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Re: Rukwatitan, new titanosaur from Cretaceous of Tanzania (free pdf)

Note that the pdf is now free in open access....


On Tue, Sep 9, 2014 at 7:05 AM, Ben Creisler <bcreisler@gmail.com> wrote:
> Ben Creisler
> bcreisler@gmail.com
> Here's the full ref in the new JVP:
> Eric Gorscak, Patrick M. O'Connor, Nancy J. Stevens & Eric M. Roberts (2014)
> The basal titanosaurian Rukwatitan bisepultus (Dinosauria, Sauropoda)
> from the middle Cretaceous Galula Formation, Rukwa Rift Basin,
> southwestern Tanzania.
> Journal of Vertebrate Paleontology 34(5): 1133-1154
> DOI:10.1080/02724634.2014.845568
> http://www.tandfonline.com/doi/full/10.1080/02724634.2014.845568#.VA8HDvldXTo
> Whereas titanosaurians represent the most diverse and cosmopolitan
> clade of Cretaceous sauropod dinosaurs, they remain rare components of
> Cretaceous African faunas. Currently recognized continental African
> titanosaurians include Aegyptosaurus baharijensis and Paralititan
> stromeri from early Upper Cretaceous deposits near Bahariya Oasis,
> Egypt, and Malawisaurus dixeyi and Karongasaurus gittelmani from the
> Lower Cretaceous (∼Aptian) Dinosaur Beds of Malawi, in addition to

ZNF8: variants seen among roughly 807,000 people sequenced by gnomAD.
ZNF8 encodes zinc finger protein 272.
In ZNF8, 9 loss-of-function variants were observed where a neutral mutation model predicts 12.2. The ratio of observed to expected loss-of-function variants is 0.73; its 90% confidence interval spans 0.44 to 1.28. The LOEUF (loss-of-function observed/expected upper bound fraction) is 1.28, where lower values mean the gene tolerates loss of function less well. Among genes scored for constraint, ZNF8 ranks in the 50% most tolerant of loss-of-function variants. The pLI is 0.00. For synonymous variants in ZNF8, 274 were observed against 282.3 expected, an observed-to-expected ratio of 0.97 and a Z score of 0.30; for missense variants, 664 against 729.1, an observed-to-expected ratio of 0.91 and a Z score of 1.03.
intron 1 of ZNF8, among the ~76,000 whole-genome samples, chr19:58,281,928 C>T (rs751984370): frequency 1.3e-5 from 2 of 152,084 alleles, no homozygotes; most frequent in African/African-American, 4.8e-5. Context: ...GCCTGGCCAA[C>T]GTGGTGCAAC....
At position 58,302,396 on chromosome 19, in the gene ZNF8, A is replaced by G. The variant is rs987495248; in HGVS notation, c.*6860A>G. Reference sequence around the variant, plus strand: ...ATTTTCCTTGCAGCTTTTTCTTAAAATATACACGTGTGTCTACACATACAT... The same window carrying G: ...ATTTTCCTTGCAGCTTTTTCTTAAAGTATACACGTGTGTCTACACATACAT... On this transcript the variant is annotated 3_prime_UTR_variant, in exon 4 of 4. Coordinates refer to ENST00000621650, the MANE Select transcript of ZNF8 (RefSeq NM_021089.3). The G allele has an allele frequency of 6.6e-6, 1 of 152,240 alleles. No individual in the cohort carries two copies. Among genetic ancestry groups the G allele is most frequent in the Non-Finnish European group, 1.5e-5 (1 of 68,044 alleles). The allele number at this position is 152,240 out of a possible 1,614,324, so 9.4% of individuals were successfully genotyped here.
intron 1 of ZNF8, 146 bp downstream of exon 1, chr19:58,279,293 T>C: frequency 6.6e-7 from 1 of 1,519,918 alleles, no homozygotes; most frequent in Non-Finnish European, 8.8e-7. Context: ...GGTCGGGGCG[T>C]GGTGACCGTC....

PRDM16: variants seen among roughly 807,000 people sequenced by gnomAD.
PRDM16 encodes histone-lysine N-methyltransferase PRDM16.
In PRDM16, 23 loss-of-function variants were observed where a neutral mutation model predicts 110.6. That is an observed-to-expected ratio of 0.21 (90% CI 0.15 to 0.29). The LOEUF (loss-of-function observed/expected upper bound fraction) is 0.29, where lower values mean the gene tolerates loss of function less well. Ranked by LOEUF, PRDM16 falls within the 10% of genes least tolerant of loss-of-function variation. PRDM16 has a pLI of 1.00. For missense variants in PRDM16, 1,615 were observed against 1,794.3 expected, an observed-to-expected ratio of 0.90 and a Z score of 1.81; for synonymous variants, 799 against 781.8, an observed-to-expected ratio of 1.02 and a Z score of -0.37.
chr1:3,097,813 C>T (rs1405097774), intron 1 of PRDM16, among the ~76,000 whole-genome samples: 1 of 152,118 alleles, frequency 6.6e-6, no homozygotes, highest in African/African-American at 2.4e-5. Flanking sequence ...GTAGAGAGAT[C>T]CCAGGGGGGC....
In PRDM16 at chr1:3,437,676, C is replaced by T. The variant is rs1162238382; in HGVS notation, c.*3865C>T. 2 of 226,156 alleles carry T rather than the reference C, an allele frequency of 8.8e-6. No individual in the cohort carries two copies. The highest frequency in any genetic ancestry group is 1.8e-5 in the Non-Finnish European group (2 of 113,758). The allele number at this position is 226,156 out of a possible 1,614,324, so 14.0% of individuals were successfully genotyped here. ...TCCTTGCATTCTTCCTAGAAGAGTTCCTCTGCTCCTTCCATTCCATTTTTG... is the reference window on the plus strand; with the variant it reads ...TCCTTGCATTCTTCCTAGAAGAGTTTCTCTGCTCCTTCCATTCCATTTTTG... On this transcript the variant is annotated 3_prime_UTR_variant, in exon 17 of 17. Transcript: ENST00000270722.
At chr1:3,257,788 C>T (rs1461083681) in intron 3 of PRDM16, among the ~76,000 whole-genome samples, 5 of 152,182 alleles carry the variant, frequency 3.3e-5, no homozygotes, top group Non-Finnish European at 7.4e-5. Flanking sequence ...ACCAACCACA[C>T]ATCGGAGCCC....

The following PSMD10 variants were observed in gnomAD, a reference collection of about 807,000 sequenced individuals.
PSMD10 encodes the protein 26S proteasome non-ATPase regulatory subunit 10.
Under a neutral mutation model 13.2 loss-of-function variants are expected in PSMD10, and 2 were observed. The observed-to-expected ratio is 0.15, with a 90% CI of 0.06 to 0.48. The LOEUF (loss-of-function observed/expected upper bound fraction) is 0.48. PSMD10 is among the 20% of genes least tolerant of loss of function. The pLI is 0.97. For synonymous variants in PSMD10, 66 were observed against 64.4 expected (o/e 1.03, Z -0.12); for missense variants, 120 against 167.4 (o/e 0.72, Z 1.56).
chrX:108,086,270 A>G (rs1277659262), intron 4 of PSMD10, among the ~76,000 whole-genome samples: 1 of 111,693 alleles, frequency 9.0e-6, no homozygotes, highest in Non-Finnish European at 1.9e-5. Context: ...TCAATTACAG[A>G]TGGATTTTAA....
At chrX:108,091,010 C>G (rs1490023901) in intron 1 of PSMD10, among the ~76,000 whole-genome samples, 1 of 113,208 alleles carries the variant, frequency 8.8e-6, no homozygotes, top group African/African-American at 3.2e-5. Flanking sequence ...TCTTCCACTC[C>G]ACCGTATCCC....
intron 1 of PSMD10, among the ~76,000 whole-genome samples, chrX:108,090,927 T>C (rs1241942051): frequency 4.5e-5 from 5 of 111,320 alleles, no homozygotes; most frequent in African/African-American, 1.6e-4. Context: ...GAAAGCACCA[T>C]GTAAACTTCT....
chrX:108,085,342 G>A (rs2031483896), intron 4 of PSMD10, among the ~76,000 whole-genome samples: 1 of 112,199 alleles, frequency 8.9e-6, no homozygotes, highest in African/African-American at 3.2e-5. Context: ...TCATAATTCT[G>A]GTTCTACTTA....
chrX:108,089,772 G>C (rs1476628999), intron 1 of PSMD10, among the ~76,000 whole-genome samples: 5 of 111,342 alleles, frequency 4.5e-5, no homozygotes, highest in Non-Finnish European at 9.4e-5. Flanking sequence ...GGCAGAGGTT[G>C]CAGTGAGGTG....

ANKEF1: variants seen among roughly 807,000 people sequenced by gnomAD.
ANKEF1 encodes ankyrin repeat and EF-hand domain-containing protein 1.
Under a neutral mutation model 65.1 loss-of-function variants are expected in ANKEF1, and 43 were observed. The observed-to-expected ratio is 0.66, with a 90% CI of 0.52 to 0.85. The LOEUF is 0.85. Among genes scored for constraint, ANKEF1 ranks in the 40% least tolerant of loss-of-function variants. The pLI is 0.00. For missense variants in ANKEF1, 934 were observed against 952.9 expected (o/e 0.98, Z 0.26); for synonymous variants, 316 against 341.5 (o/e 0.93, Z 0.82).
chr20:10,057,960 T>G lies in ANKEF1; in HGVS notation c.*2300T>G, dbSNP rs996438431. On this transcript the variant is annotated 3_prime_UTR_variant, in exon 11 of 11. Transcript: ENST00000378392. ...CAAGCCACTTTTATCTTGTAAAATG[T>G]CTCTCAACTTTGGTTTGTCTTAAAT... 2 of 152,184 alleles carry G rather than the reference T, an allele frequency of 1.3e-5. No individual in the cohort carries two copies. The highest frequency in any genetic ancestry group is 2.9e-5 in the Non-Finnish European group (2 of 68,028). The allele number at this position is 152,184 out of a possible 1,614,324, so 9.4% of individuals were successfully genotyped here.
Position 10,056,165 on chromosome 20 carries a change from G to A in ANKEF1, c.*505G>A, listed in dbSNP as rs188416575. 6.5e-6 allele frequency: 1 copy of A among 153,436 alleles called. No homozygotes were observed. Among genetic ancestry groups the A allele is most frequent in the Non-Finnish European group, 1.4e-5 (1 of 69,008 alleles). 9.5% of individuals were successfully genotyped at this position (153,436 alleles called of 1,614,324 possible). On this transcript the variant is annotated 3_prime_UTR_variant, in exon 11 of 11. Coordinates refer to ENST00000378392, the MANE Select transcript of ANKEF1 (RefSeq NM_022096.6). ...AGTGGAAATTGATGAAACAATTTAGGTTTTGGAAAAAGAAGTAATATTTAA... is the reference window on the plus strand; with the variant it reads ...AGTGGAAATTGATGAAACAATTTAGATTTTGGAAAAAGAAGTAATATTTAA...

> several undesignated and fragmentary forms across the continent. Here,
> we describe a new titanosaurian taxon, Rukwatitan bisepultus, on the
> basis of a partial, semiarticulated postcranial skeleton recovered
> from the middle Cretaceous Galula Formation in southwestern Tanzania.
> Unique to Rukwatitan are carotid processes on posterior cervical
> vertebrae, a deep coracobrachialis fossa and subquadrangular
> cross-section of the humerus, and a slender, curved, teardrop-shaped
> pubic peduncle on the ilium. Parsimony and Bayesian phylogenetic
> analyses of 35 sauropod taxa congruently place Rukwatitan as a
> non-lithostrotian titanosaurian, a relationship supported by cervical
> vertebrae with undivided pleurocoels and strongly procoelous anterior
> caudal vertebrae. Rukwatitan differs from the potentially
> penecontemporaneous and geographically proximate Malawisaurus by
> exhibiting weakly developed chevron articulations and posteriorly
> inclined neural spines on the middle caudal vertebrae, a proximally
> robust and distally unexpanded humerus, and an anteroventrally
> elongated coracoid. Similar to biogeographic patterns identified in
> certain crocodyliform clades (e.g., small-bodied notosuchians),
> titanosaurians on continental Africa appear to exhibit a regional
> (e.g., southern versus northern Africa), rather than a continental- or
> supercontinental-level signal.
> ---------- Forwarded message ----------
> From: Ben Creisler <bcreisler@gmail.com>
> Date: Mon, Sep 8, 2014 at 12:13 PM
> Subject: Rukwatitan, new titanosaur from Cretaceous of Tanzania (news)
> To: dinosaur@usc.edu
> Ben Creisler
> bcreisler@gmail.com
> The official paper in the new Journal of Vertebrate Paleontology is
> not yet online, but a number of news stories are out about a new
> titanosaur Rukwatitan bisepultus found in Tanzania:
> http://phys.org/news/2014-09-species-titanosaurian-dinosaur-tanzania.html
> http://news.discovery.com/animals/dinosaurs/another-massiv-new-dinosaur-found-this-time-in-africa-140908.htm